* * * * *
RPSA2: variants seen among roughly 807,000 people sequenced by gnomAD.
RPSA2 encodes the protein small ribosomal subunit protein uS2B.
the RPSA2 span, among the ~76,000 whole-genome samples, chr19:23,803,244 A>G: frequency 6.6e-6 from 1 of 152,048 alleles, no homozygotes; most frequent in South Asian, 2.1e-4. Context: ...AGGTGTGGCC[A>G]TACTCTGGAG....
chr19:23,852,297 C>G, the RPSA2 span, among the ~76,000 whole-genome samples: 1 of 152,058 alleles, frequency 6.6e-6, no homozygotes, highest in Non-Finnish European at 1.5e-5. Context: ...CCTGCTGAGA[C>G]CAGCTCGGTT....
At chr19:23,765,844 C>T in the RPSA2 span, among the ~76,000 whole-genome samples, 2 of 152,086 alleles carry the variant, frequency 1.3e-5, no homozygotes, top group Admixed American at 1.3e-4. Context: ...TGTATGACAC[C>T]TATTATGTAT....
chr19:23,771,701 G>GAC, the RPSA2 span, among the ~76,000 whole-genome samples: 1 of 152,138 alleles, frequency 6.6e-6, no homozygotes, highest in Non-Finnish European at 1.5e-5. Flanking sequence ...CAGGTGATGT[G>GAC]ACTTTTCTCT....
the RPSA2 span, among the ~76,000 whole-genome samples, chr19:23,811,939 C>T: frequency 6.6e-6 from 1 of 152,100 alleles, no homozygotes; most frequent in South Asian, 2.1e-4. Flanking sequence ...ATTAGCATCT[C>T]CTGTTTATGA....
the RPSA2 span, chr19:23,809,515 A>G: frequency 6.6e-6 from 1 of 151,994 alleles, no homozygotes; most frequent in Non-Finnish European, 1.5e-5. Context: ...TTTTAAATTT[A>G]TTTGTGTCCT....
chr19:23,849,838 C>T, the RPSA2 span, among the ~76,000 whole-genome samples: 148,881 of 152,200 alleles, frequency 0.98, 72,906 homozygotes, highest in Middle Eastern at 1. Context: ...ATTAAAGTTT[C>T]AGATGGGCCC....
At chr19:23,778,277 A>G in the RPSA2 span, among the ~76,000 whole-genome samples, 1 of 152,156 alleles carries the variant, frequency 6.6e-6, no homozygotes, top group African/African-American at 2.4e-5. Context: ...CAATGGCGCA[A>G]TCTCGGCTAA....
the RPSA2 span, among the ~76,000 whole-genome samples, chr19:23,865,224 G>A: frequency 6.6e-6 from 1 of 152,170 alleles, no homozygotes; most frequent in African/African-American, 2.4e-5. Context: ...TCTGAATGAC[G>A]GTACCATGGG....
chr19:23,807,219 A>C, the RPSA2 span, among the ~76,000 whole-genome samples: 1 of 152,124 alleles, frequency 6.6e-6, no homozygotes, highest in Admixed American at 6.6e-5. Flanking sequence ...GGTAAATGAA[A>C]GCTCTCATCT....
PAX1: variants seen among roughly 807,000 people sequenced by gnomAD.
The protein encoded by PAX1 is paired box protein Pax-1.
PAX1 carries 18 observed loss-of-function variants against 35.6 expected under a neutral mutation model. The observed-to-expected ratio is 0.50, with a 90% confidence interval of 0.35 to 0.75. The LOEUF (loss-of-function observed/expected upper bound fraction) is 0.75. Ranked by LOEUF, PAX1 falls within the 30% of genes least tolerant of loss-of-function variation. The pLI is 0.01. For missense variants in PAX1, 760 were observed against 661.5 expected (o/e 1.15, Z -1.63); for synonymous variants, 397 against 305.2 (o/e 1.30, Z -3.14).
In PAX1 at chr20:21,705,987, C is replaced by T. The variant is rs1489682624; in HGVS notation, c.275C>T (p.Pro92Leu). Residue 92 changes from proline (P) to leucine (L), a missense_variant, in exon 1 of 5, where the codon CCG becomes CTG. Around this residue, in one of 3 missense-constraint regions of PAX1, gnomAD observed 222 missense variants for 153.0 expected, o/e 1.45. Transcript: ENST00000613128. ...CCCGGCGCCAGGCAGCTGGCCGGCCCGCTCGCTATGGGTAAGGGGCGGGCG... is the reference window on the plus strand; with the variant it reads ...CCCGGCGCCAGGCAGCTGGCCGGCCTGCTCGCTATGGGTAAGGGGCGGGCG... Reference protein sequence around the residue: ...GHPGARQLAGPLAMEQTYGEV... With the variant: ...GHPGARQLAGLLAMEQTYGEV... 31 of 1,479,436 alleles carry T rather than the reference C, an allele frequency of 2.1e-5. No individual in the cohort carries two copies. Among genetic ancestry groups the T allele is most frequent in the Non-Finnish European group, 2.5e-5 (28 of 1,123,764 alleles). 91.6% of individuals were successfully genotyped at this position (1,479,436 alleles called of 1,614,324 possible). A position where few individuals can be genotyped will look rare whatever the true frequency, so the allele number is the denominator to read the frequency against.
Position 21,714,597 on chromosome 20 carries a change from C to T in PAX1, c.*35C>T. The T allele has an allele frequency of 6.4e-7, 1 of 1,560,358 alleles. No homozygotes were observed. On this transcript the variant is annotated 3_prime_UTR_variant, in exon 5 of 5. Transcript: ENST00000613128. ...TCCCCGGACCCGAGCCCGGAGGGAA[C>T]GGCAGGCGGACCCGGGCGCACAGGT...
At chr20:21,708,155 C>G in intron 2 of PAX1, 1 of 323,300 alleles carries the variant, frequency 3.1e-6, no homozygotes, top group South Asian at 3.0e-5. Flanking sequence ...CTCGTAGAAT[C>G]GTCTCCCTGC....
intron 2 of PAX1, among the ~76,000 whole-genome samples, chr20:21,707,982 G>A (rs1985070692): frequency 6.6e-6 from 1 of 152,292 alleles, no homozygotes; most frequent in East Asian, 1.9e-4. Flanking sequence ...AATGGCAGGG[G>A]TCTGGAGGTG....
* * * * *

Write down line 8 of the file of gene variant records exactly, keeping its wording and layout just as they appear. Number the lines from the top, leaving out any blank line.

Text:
the RPSA2 span, chr19:23,809,515 A>G: frequency 6.6e-6 from 1 of 151,994 alleles, no homozygotes; most frequent in Non-Finnish European, 1.5e-5. Context: ...TTTTAAATTT[A>G]TTTGTGTCCT....